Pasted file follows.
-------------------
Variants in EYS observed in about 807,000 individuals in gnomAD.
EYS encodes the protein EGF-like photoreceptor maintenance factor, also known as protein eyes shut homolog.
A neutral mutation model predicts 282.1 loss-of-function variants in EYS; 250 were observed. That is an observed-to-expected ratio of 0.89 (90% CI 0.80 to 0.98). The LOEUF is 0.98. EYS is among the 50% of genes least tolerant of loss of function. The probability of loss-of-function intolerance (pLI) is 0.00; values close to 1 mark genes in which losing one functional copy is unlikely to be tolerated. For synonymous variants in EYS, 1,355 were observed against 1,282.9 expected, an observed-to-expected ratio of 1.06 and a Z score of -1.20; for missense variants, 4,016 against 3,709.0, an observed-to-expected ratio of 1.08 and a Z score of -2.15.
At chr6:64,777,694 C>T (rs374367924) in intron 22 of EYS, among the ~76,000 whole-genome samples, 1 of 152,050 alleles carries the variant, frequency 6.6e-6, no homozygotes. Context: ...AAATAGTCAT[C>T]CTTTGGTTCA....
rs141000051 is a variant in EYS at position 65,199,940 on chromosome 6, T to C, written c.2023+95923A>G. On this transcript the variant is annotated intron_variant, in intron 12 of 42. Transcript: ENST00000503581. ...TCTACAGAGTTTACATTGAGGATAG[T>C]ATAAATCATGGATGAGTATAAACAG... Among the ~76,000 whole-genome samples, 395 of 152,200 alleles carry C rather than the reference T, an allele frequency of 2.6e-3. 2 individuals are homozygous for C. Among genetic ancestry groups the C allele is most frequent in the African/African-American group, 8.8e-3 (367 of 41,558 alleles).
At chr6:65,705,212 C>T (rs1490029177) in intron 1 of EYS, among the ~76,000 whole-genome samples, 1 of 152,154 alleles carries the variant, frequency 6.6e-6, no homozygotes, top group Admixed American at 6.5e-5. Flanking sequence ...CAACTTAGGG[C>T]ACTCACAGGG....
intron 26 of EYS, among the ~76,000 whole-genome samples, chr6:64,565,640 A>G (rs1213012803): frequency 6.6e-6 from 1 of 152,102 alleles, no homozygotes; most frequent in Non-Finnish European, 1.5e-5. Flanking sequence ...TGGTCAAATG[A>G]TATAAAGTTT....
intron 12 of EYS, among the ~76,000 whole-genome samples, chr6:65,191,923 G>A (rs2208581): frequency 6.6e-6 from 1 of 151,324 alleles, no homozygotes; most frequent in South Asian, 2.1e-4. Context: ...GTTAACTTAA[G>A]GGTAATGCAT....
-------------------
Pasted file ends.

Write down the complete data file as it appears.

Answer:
Variants in EYS observed in about 807,000 individuals in gnomAD.
EYS encodes the protein EGF-like photoreceptor maintenance factor, also known as protein eyes shut homolog.
A neutral mutation model predicts 282.1 loss-of-function variants in EYS; 250 were observed. That is an observed-to-expected ratio of 0.89 (90% CI 0.80 to 0.98). The LOEUF is 0.98. EYS is among the 50% of genes least tolerant of loss of function. The probability of loss-of-function intolerance (pLI) is 0.00; values close to 1 mark genes in which losing one functional copy is unlikely to be tolerated. For synonymous variants in EYS, 1,355 were observed against 1,282.9 expected, an observed-to-expected ratio of 1.06 and a Z score of -1.20; for missense variants, 4,016 against 3,709.0, an observed-to-expected ratio of 1.08 and a Z score of -2.15.
At chr6:64,777,694 C>T (rs374367924) in intron 22 of EYS, among the ~76,000 whole-genome samples, 1 of 152,050 alleles carries the variant, frequency 6.6e-6, no homozygotes. Context: ...AAATAGTCAT[C>T]CTTTGGTTCA....
rs141000051 is a variant in EYS at position 65,199,940 on chromosome 6, T to C, written c.2023+95923A>G. On this transcript the variant is annotated intron_variant, in intron 12 of 42. Transcript: ENST00000503581. ...TCTACAGAGTTTACATTGAGGATAG[T>C]ATAAATCATGGATGAGTATAAACAG... Among the ~76,000 whole-genome samples, 395 of 152,200 alleles carry C rather than the reference T, an allele frequency of 2.6e-3. 2 individuals are homozygous for C. Among genetic ancestry groups the C allele is most frequent in the African/African-American group, 8.8e-3 (367 of 41,558 alleles).
At chr6:65,705,212 C>T (rs1490029177) in intron 1 of EYS, among the ~76,000 whole-genome samples, 1 of 152,154 alleles carries the variant, frequency 6.6e-6, no homozygotes, top group Admixed American at 6.5e-5. Flanking sequence ...CAACTTAGGG[C>T]ACTCACAGGG....
intron 26 of EYS, among the ~76,000 whole-genome samples, chr6:64,565,640 A>G (rs1213012803): frequency 6.6e-6 from 1 of 152,102 alleles, no homozygotes; most frequent in Non-Finnish European, 1.5e-5. Flanking sequence ...TGGTCAAATG[A>G]TATAAAGTTT....
intron 12 of EYS, among the ~76,000 whole-genome samples, chr6:65,191,923 G>A (rs2208581): frequency 6.6e-6 from 1 of 151,324 alleles, no homozygotes; most frequent in South Asian, 2.1e-4. Context: ...GTTAACTTAA[G>A]GGTAATGCAT....